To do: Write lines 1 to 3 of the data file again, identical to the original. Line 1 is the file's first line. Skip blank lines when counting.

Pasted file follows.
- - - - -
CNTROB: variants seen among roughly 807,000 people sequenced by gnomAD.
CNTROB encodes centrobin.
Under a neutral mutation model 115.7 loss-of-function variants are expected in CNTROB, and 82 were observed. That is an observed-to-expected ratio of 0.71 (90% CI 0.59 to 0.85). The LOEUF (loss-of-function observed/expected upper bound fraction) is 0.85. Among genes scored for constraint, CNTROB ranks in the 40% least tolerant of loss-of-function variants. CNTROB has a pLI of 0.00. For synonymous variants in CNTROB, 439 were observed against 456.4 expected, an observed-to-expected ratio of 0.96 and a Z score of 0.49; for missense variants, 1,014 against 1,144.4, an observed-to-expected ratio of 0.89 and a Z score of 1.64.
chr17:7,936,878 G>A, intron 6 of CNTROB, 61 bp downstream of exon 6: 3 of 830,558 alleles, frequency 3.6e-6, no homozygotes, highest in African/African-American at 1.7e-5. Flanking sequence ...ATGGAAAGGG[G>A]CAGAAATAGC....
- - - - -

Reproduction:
CNTROB: variants seen among roughly 807,000 people sequenced by gnomAD.
CNTROB encodes centrobin.
Under a neutral mutation model 115.7 loss-of-function variants are expected in CNTROB, and 82 were observed. That is an observed-to-expected ratio of 0.71 (90% CI 0.59 to 0.85). The LOEUF (loss-of-function observed/expected upper bound fraction) is 0.85. Among genes scored for constraint, CNTROB ranks in the 40% least tolerant of loss-of-function variants. CNTROB has a pLI of 0.00. For synonymous variants in CNTROB, 439 were observed against 456.4 expected, an observed-to-expected ratio of 0.96 and a Z score of 0.49; for missense variants, 1,014 against 1,144.4, an observed-to-expected ratio of 0.89 and a Z score of 1.64.